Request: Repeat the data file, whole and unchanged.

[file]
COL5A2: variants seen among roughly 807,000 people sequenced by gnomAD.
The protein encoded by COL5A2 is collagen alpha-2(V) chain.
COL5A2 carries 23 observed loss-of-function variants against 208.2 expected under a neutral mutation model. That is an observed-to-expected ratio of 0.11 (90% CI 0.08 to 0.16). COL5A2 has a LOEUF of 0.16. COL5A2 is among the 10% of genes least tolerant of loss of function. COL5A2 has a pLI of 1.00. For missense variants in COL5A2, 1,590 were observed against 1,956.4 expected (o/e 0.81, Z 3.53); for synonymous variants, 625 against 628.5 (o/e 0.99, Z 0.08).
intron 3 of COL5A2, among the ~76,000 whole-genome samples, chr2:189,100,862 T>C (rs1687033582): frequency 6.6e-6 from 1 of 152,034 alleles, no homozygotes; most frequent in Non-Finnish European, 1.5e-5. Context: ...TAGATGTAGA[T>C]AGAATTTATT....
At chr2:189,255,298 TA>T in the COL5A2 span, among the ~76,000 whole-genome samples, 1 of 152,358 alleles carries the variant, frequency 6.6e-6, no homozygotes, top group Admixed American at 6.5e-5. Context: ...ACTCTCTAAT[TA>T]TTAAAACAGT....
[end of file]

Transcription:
COL5A2: variants seen among roughly 807,000 people sequenced by gnomAD.
The protein encoded by COL5A2 is collagen alpha-2(V) chain.
COL5A2 carries 23 observed loss-of-function variants against 208.2 expected under a neutral mutation model. That is an observed-to-expected ratio of 0.11 (90% CI 0.08 to 0.16). COL5A2 has a LOEUF of 0.16. COL5A2 is among the 10% of genes least tolerant of loss of function. COL5A2 has a pLI of 1.00. For missense variants in COL5A2, 1,590 were observed against 1,956.4 expected (o/e 0.81, Z 3.53); for synonymous variants, 625 against 628.5 (o/e 0.99, Z 0.08).
intron 3 of COL5A2, among the ~76,000 whole-genome samples, chr2:189,100,862 T>C (rs1687033582): frequency 6.6e-6 from 1 of 152,034 alleles, no homozygotes; most frequent in Non-Finnish European, 1.5e-5. Context: ...TAGATGTAGA[T>C]AGAATTTATT....
At chr2:189,255,298 TA>T in the COL5A2 span, among the ~76,000 whole-genome samples, 1 of 152,358 alleles carries the variant, frequency 6.6e-6, no homozygotes, top group Admixed American at 6.5e-5. Context: ...ACTCTCTAAT[TA>T]TTAAAACAGT....